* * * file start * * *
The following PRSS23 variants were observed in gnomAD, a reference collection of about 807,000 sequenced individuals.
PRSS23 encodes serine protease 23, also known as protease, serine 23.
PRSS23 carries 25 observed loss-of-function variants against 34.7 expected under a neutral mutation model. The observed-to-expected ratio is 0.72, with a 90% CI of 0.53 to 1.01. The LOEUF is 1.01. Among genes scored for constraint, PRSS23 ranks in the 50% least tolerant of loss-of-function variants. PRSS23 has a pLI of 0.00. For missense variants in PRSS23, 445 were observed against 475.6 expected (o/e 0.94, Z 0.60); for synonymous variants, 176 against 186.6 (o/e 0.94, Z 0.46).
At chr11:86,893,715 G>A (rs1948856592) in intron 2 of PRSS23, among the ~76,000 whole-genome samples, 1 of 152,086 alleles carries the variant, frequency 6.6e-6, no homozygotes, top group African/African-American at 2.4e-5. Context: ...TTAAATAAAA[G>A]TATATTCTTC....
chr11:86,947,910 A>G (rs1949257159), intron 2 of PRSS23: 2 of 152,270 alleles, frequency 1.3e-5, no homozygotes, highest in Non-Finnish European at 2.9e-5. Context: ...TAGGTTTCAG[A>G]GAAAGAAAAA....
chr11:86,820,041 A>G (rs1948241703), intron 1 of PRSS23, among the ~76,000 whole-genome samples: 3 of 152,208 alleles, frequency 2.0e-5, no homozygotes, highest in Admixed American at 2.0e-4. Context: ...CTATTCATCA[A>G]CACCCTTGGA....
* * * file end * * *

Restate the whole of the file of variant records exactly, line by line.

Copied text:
The following PRSS23 variants were observed in gnomAD, a reference collection of about 807,000 sequenced individuals.
PRSS23 encodes serine protease 23, also known as protease, serine 23.
PRSS23 carries 25 observed loss-of-function variants against 34.7 expected under a neutral mutation model. The observed-to-expected ratio is 0.72, with a 90% CI of 0.53 to 1.01. The LOEUF is 1.01. Among genes scored for constraint, PRSS23 ranks in the 50% least tolerant of loss-of-function variants. PRSS23 has a pLI of 0.00. For missense variants in PRSS23, 445 were observed against 475.6 expected (o/e 0.94, Z 0.60); for synonymous variants, 176 against 186.6 (o/e 0.94, Z 0.46).
At chr11:86,893,715 G>A (rs1948856592) in intron 2 of PRSS23, among the ~76,000 whole-genome samples, 1 of 152,086 alleles carries the variant, frequency 6.6e-6, no homozygotes, top group African/African-American at 2.4e-5. Context: ...TTAAATAAAA[G>A]TATATTCTTC....
chr11:86,947,910 A>G (rs1949257159), intron 2 of PRSS23: 2 of 152,270 alleles, frequency 1.3e-5, no homozygotes, highest in Non-Finnish European at 2.9e-5. Context: ...TAGGTTTCAG[A>G]GAAAGAAAAA....
chr11:86,820,041 A>G (rs1948241703), intron 1 of PRSS23, among the ~76,000 whole-genome samples: 3 of 152,208 alleles, frequency 2.0e-5, no homozygotes, highest in Admixed American at 2.0e-4. Context: ...CTATTCATCA[A>G]CACCCTTGGA....